- The first intel. test was made in 1905 by Alfred Binet
- Lewis Terman (Stanford professor) americanizes the intelligence test
- He calls it the Stanford-Binet Howard Gardner: Multiple intelligences
Linguistic-> words
Logical -> mathematical
Spatial -> geometry
Musical-> pitches
Bodily-> Kinesthetic
Intrapersonal-> deep thinkers
Interpersonal-> relationships Mental Retardation Average Genius Dull Gifted Principles of test construction 1) Standardization
- Compared to pretested population
2) Reliability
- Consistent results
-Test-Retest reliability
3) Validity
- is the test measure what its supposed to?
- content validity
- predictive validity Motivation- energizes behavior and directs it towards the goal Drives vs Incentives Drive reduction theory- psycological/ phisiological drives our behavior to fufill Homo Stasis- the bodys drive to keep itself balanced Incentives- entices us to do better for the reward Optimal Arousal- well fed animal will explore enviroments and relationships (Maslows Hierarchy) We will fufill the bottom of the pyramid before we move up it. The ultimate goal is Self-Actualization Sexual Motivation Human Sexual Response Cycle
Resolution (males) Erotic Plasticity
- Males tend to be rigid in sexuality
- Females eroticism is muxh more flexible
- Womans sexuality more fluid and changeable
- Men are not aroused by homosexual imagery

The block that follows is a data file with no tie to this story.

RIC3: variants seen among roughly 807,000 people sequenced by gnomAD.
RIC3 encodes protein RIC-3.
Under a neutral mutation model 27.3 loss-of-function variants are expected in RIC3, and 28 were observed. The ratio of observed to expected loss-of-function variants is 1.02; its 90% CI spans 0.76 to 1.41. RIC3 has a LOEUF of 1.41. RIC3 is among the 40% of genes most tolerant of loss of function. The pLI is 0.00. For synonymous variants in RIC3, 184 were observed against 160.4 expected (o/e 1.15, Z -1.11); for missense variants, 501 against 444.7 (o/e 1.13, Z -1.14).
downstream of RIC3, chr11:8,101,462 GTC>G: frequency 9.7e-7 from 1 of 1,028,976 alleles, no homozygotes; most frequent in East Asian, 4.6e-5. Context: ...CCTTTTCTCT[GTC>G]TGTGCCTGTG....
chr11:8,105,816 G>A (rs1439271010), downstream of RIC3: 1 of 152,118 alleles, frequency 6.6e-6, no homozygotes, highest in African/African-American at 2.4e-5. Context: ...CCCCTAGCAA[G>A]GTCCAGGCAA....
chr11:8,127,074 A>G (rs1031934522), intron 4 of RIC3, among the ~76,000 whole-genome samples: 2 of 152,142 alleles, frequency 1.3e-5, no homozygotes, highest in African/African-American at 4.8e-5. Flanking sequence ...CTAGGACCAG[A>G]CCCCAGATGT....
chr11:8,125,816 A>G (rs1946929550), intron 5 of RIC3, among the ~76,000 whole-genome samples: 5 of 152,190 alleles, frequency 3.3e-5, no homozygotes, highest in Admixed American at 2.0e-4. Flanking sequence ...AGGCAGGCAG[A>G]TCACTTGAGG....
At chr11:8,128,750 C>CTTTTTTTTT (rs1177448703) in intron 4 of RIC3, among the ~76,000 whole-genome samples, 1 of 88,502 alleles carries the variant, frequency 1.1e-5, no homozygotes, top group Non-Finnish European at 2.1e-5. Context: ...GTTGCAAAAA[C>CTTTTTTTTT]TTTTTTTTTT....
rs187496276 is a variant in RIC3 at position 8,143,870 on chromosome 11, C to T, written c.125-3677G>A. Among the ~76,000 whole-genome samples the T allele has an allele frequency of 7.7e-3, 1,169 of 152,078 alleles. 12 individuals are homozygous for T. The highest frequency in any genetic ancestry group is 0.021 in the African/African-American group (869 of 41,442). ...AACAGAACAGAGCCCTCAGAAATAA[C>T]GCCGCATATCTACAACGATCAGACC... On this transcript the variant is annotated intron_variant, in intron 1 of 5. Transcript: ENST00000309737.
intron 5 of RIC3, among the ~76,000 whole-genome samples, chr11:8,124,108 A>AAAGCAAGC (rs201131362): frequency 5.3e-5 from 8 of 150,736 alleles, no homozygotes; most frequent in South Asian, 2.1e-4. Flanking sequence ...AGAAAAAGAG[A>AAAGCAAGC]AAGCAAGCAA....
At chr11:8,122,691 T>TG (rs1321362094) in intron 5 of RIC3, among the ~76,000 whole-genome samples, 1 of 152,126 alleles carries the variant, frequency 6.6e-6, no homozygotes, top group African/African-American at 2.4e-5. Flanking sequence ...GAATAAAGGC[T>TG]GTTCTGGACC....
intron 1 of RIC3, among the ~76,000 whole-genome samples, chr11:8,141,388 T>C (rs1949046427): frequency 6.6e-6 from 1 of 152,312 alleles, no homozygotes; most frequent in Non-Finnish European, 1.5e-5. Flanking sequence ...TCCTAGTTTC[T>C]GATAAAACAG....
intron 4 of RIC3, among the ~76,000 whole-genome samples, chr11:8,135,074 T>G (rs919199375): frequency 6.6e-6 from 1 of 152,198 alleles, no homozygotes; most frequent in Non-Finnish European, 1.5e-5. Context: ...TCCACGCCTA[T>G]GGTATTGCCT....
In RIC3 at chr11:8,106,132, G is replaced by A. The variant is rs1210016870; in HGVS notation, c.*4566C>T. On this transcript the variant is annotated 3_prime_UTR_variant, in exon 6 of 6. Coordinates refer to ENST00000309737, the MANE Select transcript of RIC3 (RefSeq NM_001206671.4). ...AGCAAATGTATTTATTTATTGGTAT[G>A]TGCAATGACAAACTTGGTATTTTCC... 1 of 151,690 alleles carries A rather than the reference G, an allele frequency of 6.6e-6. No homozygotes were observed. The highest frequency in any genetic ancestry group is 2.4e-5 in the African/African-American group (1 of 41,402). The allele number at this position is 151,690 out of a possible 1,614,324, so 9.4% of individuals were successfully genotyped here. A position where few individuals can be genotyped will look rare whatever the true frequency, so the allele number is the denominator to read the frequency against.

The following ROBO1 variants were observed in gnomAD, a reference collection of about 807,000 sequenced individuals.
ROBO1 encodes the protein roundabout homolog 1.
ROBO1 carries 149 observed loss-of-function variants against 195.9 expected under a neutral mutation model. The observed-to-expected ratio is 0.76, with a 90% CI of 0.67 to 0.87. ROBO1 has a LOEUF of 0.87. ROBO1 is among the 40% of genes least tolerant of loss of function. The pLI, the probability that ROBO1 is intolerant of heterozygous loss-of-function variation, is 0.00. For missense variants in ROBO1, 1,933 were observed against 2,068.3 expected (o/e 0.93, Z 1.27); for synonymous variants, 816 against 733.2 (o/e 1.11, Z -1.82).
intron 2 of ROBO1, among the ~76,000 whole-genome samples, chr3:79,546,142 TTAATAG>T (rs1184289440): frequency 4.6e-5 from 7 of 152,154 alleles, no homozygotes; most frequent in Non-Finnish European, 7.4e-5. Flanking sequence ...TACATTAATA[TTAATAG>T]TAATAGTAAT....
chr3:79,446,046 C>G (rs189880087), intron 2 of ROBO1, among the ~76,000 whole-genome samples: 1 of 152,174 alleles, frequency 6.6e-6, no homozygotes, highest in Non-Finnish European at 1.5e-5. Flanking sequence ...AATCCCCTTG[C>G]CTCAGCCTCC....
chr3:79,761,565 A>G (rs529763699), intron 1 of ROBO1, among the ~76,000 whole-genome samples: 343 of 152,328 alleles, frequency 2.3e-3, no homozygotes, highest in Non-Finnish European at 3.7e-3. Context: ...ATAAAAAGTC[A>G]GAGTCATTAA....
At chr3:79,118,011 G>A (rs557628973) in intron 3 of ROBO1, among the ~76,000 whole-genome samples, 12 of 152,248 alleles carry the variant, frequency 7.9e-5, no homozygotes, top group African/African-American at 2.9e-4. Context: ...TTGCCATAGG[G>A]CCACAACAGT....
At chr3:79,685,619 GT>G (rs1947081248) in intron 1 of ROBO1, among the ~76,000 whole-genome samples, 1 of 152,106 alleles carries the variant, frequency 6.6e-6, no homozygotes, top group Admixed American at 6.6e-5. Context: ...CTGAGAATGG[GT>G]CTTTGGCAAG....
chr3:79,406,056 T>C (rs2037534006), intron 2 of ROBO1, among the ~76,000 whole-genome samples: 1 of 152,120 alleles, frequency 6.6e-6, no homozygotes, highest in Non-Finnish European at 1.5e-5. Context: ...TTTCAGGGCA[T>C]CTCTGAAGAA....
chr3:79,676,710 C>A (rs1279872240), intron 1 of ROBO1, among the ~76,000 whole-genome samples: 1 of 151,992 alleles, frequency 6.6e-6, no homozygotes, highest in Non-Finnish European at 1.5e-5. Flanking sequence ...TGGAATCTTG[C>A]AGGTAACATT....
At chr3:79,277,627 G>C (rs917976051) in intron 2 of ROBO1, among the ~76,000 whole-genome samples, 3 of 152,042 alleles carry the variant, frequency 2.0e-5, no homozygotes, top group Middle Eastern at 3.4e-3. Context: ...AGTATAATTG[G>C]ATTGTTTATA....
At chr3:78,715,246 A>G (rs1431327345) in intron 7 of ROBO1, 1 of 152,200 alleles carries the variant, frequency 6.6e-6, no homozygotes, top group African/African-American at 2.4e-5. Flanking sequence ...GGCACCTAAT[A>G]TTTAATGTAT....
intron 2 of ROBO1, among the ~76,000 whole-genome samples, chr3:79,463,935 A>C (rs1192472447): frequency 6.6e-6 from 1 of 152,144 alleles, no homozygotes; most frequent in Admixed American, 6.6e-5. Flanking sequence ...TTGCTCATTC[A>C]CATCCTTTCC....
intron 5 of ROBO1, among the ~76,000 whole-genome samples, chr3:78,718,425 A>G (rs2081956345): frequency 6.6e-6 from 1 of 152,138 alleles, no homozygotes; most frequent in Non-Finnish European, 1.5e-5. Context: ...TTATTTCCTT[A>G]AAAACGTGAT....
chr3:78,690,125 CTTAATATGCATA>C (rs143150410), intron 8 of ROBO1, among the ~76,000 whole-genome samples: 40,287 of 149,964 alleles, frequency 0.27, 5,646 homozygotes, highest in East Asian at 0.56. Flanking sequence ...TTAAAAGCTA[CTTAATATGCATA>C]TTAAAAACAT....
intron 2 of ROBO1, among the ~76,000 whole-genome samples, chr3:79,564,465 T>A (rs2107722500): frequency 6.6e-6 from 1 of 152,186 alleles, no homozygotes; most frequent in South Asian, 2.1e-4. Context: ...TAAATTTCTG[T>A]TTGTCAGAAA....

- Women can be aroused by hetero & Homosexual imagery Sexual Orientation
3-4% of males are homosexual
1-2% of females are homosexual
about 2.5% combined total Evidence of Homosexuality
-Cell Cluster near hypothalmus is larger in homosexual males
- Corpus Collosum is larger in homosexual males
- Spatial Abilities of homosexual males resembles that of straight females
- Finger print ridges resemble females
- Finger length resembles that of a females
- Hairswirl pattern tends to go the coounterclockwise Theories of Emotion
James Lange theory- physical arousal leads to emotion
Cannon Bard theory- physical arousal and emotion happen simultaneouly
Schachter two-factor theory- physical arousal and a conscious awareness of being happy Physiology of Emotion
Sympathetic- arousal
Parasympathetic- calming
1. Respiration increases
2. Persperation increases
3. Heart Rate Increases
4. Pupils Enlarge
5. Digestion Decreases
6. Liver pours extra sugar into blood
7. Adrenaline Arousal on Tasks
Moderate arousal is best on most
Easy task= high arousal is good
Hard task= low arousal is good Expressed Emotion
Staring Couples- Increases attraction
Angry Faces- easier to notice
Shy vs Outgoing- shy people recognize emotion easier
Abused Children- better at recognizing angry faces
Women vs Men- woman show and recognize emotion easier
Lying- pitch, rate, and volume indicate liers Stress is how we cope with
threats and challenges The 3 major stressors 1. Catastrophes
2. Significant Life Changes
3. Daily Hassles G.A.S.
Generalized Adaption Syndrome 1. Alarm
2. Resistance
3. Exhaustion Hans Selye Perceived Control- Experiment
1. Executive Rat -> Could shut off the electricity
2. Subordinate Rat -> Could not shut off electricity The Executive rat outlived and was healthier than the other rat because it could contorl its enviroment. Personality- characteristic pattern of thinking, feeling, and acting. Freud Personality Iceberg The Psycosexual Stages
1. Oral: 0-18 months
2. Anal: 18-36 months
3. Phallic: 3-6 years
4. Latency: 6-puberty
5. Genital: puberty onwards Psycoanalytical Perspective
1) Free association-> just talking about anything
2) Resistance-> the therapist notices things that are not talked about and pushes them
3) Transferance-> Freud becomes the mom/dad, client may form an attraction
4) Insight-> Realization of problem and it goes away